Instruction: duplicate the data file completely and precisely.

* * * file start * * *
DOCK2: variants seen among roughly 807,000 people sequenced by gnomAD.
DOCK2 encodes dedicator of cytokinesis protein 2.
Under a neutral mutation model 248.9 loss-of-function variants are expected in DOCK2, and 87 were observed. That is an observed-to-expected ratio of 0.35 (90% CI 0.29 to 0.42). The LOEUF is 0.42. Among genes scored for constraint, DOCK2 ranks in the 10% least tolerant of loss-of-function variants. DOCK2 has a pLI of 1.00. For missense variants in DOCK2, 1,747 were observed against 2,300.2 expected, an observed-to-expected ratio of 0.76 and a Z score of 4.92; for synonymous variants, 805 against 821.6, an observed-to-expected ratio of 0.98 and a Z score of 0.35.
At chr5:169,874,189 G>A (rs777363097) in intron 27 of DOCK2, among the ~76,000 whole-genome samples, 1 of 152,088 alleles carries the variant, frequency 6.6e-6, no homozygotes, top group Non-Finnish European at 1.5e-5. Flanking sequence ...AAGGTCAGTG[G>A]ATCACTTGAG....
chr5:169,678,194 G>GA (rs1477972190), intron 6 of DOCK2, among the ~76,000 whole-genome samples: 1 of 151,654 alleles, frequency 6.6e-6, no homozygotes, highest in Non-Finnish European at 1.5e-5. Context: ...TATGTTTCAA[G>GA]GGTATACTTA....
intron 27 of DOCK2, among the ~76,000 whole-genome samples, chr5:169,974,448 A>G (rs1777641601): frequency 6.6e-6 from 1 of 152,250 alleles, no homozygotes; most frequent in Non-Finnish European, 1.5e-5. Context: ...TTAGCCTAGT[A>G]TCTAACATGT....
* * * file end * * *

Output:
DOCK2: variants seen among roughly 807,000 people sequenced by gnomAD.
DOCK2 encodes dedicator of cytokinesis protein 2.
Under a neutral mutation model 248.9 loss-of-function variants are expected in DOCK2, and 87 were observed. That is an observed-to-expected ratio of 0.35 (90% CI 0.29 to 0.42). The LOEUF is 0.42. Among genes scored for constraint, DOCK2 ranks in the 10% least tolerant of loss-of-function variants. DOCK2 has a pLI of 1.00. For missense variants in DOCK2, 1,747 were observed against 2,300.2 expected, an observed-to-expected ratio of 0.76 and a Z score of 4.92; for synonymous variants, 805 against 821.6, an observed-to-expected ratio of 0.98 and a Z score of 0.35.
At chr5:169,874,189 G>A (rs777363097) in intron 27 of DOCK2, among the ~76,000 whole-genome samples, 1 of 152,088 alleles carries the variant, frequency 6.6e-6, no homozygotes, top group Non-Finnish European at 1.5e-5. Flanking sequence ...AAGGTCAGTG[G>A]ATCACTTGAG....
chr5:169,678,194 G>GA (rs1477972190), intron 6 of DOCK2, among the ~76,000 whole-genome samples: 1 of 151,654 alleles, frequency 6.6e-6, no homozygotes, highest in Non-Finnish European at 1.5e-5. Context: ...TATGTTTCAA[G>GA]GGTATACTTA....
intron 27 of DOCK2, among the ~76,000 whole-genome samples, chr5:169,974,448 A>G (rs1777641601): frequency 6.6e-6 from 1 of 152,250 alleles, no homozygotes; most frequent in Non-Finnish European, 1.5e-5. Context: ...TTAGCCTAGT[A>G]TCTAACATGT....